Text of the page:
This is for the feelers out there; the heart-led, boundary-less empath’s, indigo children, soul seekers; however it is you understand yourself. Those who have access to all emotions without needing have experienced situations themselves. Those considered outcasts, radicals, hypersensitive humans; those constantly outraged by injustice, distraught that no one around them seems to understand or feel the same. This is for those who have a desire to serve the voiceless, powerless, suffering – be it humans, animals, the earth – because you feel their pain, even through a TV. Those who feel hurt, by the world, all the time; and are subsequently told they are too deep, too sensitive or think too much.
This is for those who read or watched Brene Brown’s “The Power of Vulnerability” and laughed, because vulnerability has been their lived reality since their mumma gave birth to them; those who feel like they sometimes vomit vulnerability onto the world around them, for no other reason than they can’t seem to control it; those who’s issue with vulnerability is different – they’re a little too good at it.
If this sounds like you, read on.
Your life goes a little bit like this. When someone cries, you cry. When you see suffering, you suffer. You can’t watch certain films because you know the pain they create will take days to get over. You tend to find sadness more comfortable than happiness, but you can’t explain why. In conversations you see right through the bullshit and cut to the core of each person you meet, you seek to feel their deepest fears and triumphs alongside them, in a beautiful recognition of shared humanity. You’re a master connector, to all life. Connecting to other humans, animals, the earth feels like breathing to you.
If this is you, I’d like to share a couple of extremely hard won lessons with you, which I learnt on the path to becoming. My goal is to be powerful and strong, vulnerable and connected, able to serve others as best I can.
Never Apologize For Who You Are
The hardest lesson I had to learn after being told I was too deep, too sensitive, and thought too much was to stop apologizing for who I was, consciously or subconsciously. There is no power in apologizing for who you are, the minute you do it, all your power is robbed from you. Whenever I sense myself consciously or subconsciously apologizing for who I am, I like to think of the line in Max Ehrmann’s Desiderata – You are a child of the universe, no less than the trees and the stars; you have a right to be here.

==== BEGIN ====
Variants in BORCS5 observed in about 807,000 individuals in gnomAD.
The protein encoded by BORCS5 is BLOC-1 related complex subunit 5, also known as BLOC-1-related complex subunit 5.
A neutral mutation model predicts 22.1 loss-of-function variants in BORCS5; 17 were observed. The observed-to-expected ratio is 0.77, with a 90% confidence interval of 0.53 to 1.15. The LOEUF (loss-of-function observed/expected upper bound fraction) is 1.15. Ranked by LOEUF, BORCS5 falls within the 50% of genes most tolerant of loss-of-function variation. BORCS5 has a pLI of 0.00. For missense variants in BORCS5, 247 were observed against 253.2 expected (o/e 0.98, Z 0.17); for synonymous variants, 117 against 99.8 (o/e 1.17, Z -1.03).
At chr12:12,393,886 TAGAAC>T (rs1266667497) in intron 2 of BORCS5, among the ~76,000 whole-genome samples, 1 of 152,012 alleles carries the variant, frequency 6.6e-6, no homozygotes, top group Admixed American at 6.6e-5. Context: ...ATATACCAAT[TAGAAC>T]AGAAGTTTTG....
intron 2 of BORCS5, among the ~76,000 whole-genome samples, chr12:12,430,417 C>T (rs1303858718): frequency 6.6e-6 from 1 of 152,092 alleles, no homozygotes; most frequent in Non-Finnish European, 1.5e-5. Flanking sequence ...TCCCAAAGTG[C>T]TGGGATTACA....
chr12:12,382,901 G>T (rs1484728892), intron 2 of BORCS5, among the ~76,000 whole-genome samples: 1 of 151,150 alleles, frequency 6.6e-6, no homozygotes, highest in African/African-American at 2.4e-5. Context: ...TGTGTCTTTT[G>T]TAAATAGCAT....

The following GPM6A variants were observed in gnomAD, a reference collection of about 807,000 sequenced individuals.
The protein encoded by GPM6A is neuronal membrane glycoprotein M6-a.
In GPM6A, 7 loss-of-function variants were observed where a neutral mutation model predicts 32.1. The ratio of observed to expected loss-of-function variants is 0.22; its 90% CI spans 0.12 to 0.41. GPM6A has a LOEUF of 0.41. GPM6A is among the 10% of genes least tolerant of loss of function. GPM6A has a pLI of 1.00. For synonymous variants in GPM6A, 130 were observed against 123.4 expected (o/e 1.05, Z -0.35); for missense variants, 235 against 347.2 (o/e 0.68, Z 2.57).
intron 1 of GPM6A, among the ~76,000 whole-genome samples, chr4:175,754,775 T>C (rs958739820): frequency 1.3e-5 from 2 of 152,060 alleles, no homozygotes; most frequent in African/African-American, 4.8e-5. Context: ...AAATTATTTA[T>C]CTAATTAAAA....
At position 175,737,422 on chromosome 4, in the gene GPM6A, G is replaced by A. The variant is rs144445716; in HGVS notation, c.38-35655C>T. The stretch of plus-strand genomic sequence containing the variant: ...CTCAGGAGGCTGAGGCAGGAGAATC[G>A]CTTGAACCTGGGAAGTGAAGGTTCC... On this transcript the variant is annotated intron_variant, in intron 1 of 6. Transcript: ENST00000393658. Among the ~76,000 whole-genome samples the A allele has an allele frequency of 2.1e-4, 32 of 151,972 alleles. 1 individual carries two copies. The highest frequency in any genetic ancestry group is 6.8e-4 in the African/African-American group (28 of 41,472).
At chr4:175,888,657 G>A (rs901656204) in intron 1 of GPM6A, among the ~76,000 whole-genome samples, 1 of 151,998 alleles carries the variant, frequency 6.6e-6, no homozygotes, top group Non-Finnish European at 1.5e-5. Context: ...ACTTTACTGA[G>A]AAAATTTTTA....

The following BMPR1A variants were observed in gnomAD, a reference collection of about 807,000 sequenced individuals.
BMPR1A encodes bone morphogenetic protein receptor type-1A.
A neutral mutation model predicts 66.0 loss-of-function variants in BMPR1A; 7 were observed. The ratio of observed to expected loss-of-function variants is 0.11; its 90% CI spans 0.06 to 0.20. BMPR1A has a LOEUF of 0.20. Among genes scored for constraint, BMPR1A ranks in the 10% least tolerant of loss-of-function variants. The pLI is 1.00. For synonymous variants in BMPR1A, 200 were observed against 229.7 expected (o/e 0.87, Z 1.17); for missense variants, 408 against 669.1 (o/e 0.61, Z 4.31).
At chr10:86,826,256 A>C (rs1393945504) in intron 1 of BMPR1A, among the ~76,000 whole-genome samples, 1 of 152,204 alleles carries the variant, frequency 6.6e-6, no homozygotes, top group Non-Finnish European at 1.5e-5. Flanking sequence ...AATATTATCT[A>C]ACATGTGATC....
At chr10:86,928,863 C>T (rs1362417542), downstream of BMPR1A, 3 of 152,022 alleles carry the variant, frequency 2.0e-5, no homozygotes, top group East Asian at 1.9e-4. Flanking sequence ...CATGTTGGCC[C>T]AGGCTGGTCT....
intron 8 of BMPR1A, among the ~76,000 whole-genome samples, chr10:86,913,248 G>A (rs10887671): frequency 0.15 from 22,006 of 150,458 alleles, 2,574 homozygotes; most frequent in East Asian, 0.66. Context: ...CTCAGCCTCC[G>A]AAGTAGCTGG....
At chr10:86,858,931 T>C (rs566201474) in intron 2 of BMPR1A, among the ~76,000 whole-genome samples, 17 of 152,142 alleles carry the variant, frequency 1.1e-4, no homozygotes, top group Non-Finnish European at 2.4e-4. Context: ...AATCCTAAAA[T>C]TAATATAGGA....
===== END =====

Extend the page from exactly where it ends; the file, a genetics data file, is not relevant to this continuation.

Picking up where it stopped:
Don’t Let Your Ego Get Involved
Learn to differentiate between that beautiful talent you have for vulnerability, and your ego. If you are hypersensitive, that’s your ego. If you have really big reactions to events, situations, people, that’s more often than not your ego. Even in the face of injustice, reaction is ego, action is not. Notice when your ego is getting involved and try to move away from it. Deep vulnerability mixed with a strong ego will take you off balance very quickly.
Learn to Create Healthy Boundaries
I used to shiver at the word boundaries. It seems cold, distant, and untruthful to me, like everything I don’t like about the world. After a while I started to see that although vulnerability helped me live a deep, beautiful, heart-felt life, it also had some seriously destructive manifestations. I loved people who were harmful to me, was often victim to my surroundings and had a huge amount of guilt around winning the race and nationality lottery when I felt so much suffering in the world.
The question I asked myself was how can I be vulnerable in a healthy and sustainable way, for me and those around me? The answer is going to be different for everyone, but here are some tools I have used.
- Daily practice: One healthy boundary is to have a daily practice that rejuvenates you each day. First you need to figure out what your natural state is, and then find something that takes you back to it each day. For me, it’s yoga and meditation, but it could also be running, swimming, the gym, journaling, soul-time.
- Practice King Energy: The King is a masculine archetype necessary in becoming a mature man in Jungian psychoanalysis. I identified the King as the archetype I needed most to counter-balance the negative manifestations of my deep vulnerability. The King symbolizes power, order, and justice which are the direct opposite of being a victim and being powerless. The King can be a healthy boundary of vulnerability if used as a symbol to aspire to when vulnerability is manifesting destructively. Sometimes life calls for The King.In my work in a domestic violence shelter, I often have conversations with victims about horrific experiences they’ve endured. And while being vulnerable is important in creating a connection, allowing your vulnerability to overcome you, when their pain is overcoming them, is not helpful to either of you. In these situations I’ve found practicing King energy most helpful.
- Find Lightness in Yourself: Instead of creating a boundary around yourself to ‘protect’ yourself from other people’s energies, I instead like to cultivate a strong lightness within myself, so when I come into contact with deep pain, I’m not thrown of balance. There’s no need to create walls between you and other people, only a need to create as much lightness as possible inside yourself, so you can be the light in their darkness.
Creating healthy boundaries for my deep vulnerability has helped me retain my power. And that feels good. Finally.